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Employee Hiring, Development, and Retention

Don't Dismiss Inexperienced Candidates

Mike Poskey | June 22, 2018

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Confused looking businesswoman with question marks around her head

When hiring for a job opening, companies often make the mistake of overlooking inexperienced candidates. This blind spot is based on the assumption that just because a candidate does not have experience, the individual is not capable of completing the tasks and assignments for a particular role. So, a more experienced candidate is hired.

However, many companies discover after the fact that hiring the most experienced candidate was not the best decision. This problem is compounded by overlooking a candidate who lacked experience but may have been the best fit for a particular role.

The key is understanding how to objectively measure an inexperienced candidate's core competencies to determine whether the individual is the best fit. First, though, we need to define who these inexperienced candidates are.

Who Are Inexperienced Candidates?

When thinking about inexperienced candidates, many employers limit the scope to recent college graduates or interns who are new to the workforce. However, inexperienced candidates extend beyond a pool of recent college students.

Companies should look at a universal picture of the available workforce. A common example is an individual who changes industries and is seeking a new line of work. This candidate may have decided at the age of 35 or 45 to transfer their skills from the industry where they started their career to a different industry. Now, this person is seeking a new work opportunity, but they lack experience in the role they are applying for.

An objective measurement will unlock whether this candidate's core competencies and past behavior in a similar context make the person the best fit for your opening.

How Do You Evaluate an Inexperienced Candidate?

Employers are often unsure how to evaluate an inexperienced candidate's past behavior in a similar context. This can be solved in the following two ways.

  • During a behavioral interview with the candidate, identify and evaluate situations from the candidate's past work experience that relate to your job opening. Common examples include universal job tasks, such as working within a timeline, working on a team, and working on projects with other people. This requires preparation to evaluate the candidate's work history, find a connection to the role you are hiring for, and prepare questions that unlock past behavior in a previous role that relate to the role they are applying for. The preinterview preparation may seem time-consuming, but it is vital to properly evaluate each candidate to achieve the objective of hiring the best fit.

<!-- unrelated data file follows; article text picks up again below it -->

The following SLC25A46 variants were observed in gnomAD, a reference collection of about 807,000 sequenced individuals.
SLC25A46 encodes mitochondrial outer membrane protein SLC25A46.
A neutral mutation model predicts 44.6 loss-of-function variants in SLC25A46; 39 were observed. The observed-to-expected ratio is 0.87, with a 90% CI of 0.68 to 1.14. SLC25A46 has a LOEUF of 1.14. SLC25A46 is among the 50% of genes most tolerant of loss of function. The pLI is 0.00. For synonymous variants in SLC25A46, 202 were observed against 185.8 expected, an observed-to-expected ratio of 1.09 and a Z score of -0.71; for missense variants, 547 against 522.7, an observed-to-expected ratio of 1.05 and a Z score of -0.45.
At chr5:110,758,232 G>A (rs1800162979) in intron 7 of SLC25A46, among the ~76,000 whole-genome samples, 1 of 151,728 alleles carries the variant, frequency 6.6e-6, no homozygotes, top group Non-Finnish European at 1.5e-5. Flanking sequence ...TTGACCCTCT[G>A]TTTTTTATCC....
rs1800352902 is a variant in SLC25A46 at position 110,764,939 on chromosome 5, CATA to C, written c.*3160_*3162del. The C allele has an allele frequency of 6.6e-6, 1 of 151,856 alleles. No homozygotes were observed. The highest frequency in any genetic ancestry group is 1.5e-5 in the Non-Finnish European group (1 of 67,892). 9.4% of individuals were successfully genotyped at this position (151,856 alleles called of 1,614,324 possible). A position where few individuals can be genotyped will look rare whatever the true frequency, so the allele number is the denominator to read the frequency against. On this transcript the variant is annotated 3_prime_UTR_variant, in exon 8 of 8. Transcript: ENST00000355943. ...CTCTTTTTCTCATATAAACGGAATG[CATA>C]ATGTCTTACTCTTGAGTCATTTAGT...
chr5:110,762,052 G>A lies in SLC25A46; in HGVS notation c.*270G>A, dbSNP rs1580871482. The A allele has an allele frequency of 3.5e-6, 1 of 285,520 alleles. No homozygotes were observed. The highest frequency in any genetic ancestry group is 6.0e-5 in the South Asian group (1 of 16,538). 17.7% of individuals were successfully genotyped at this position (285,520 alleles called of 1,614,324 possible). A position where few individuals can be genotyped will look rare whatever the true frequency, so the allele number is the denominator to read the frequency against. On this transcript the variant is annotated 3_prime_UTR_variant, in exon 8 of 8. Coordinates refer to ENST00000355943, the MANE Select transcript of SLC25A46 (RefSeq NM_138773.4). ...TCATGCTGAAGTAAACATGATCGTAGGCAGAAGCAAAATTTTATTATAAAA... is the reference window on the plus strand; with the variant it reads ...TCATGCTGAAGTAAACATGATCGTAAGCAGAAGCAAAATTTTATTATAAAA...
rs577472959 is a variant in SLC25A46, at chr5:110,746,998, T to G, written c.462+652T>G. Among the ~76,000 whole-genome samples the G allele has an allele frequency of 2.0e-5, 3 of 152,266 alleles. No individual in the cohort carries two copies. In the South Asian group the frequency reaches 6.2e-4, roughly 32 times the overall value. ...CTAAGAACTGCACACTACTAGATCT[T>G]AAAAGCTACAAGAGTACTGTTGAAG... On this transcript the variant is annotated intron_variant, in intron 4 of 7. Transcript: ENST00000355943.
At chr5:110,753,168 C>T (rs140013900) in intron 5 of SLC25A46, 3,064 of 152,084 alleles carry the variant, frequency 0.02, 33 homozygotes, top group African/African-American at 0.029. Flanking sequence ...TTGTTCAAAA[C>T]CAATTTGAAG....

• When evaluating the candidate's background, identify situations from outside of a work setting that relate to your job opening. Common examples include looking at a candidate's volunteer work or even sports, activities, and hobbies they participate in to evaluate their behavior in task-oriented situations.

For example, a candidate lists on a résumé that he or she manages an adult softball team. If you are looking to hire a manager for your customer service team, ask specific questions that unlock the candidate's past behavior managing the softball team to discover whether the candidate's past behavior aligns with the role you are hiring for. This removes subjectivity from the process by identifying and evaluating an actual situation, the task that was required, what action the candidate took, and the result of that action.

There are many things in a candidate's work history and nonwork history that can help unlock past behavior to indicate whether the candidate is a good fit for the role. It is important to follow a process to evaluate inexperienced job candidates.

Implementing a Successful Process

Employers should remember that just because a candidate does not appear to have the required skillset because of what's on their résumé does not disqualify them from having the necessary skills. Your job is to look beyond the lack of experience and probe for those skills to discover the candidate's core competencies. Following this process will also eliminate groupthink or a status quo mentality in your company.

The traditional thinking is to focus on experience as the driving force when making a hiring decision. However, implementing this process of objectively measuring candidates will ensure that your team focuses on the best candidate for the role, independent of their work experience.

The ZERORISK Hiring System provides an objective evaluation of each candidate's core competencies and core motivations. This hiring system also provides behavioral interview tools to evaluate a candidate's past behavior as an indicator of future action. This will allow your organization to look past the blind spot of inexperience to discover the best candidate for your job opening.

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